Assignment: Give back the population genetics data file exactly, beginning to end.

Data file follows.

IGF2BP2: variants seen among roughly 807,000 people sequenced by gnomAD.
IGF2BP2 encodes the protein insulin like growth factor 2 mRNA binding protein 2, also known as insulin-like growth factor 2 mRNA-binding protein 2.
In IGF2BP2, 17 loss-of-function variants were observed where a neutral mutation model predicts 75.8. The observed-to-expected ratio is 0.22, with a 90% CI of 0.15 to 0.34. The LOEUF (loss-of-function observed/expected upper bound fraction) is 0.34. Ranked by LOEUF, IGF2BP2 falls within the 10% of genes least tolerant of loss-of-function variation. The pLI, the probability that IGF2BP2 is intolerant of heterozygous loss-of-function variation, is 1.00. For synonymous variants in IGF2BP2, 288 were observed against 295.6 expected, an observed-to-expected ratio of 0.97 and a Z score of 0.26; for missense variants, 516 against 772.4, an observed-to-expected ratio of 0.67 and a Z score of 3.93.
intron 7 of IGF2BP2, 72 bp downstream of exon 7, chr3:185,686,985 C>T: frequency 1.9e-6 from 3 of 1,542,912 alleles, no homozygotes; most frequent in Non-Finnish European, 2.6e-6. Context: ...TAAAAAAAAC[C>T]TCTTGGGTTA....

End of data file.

IGF2BP2: variants seen among roughly 807,000 people sequenced by gnomAD.
IGF2BP2 encodes the protein insulin like growth factor 2 mRNA binding protein 2, also known as insulin-like growth factor 2 mRNA-binding protein 2.
In IGF2BP2, 17 loss-of-function variants were observed where a neutral mutation model predicts 75.8. The observed-to-expected ratio is 0.22, with a 90% CI of 0.15 to 0.34. The LOEUF (loss-of-function observed/expected upper bound fraction) is 0.34. Ranked by LOEUF, IGF2BP2 falls within the 10% of genes least tolerant of loss-of-function variation. The pLI, the probability that IGF2BP2 is intolerant of heterozygous loss-of-function variation, is 1.00. For synonymous variants in IGF2BP2, 288 were observed against 295.6 expected, an observed-to-expected ratio of 0.97 and a Z score of 0.26; for missense variants, 516 against 772.4, an observed-to-expected ratio of 0.67 and a Z score of 3.93.
intron 7 of IGF2BP2, 72 bp downstream of exon 7, chr3:185,686,985 C>T: frequency 1.9e-6 from 3 of 1,542,912 alleles, no homozygotes; most frequent in Non-Finnish European, 2.6e-6. Context: ...TAAAAAAAAC[C>T]TCTTGGGTTA....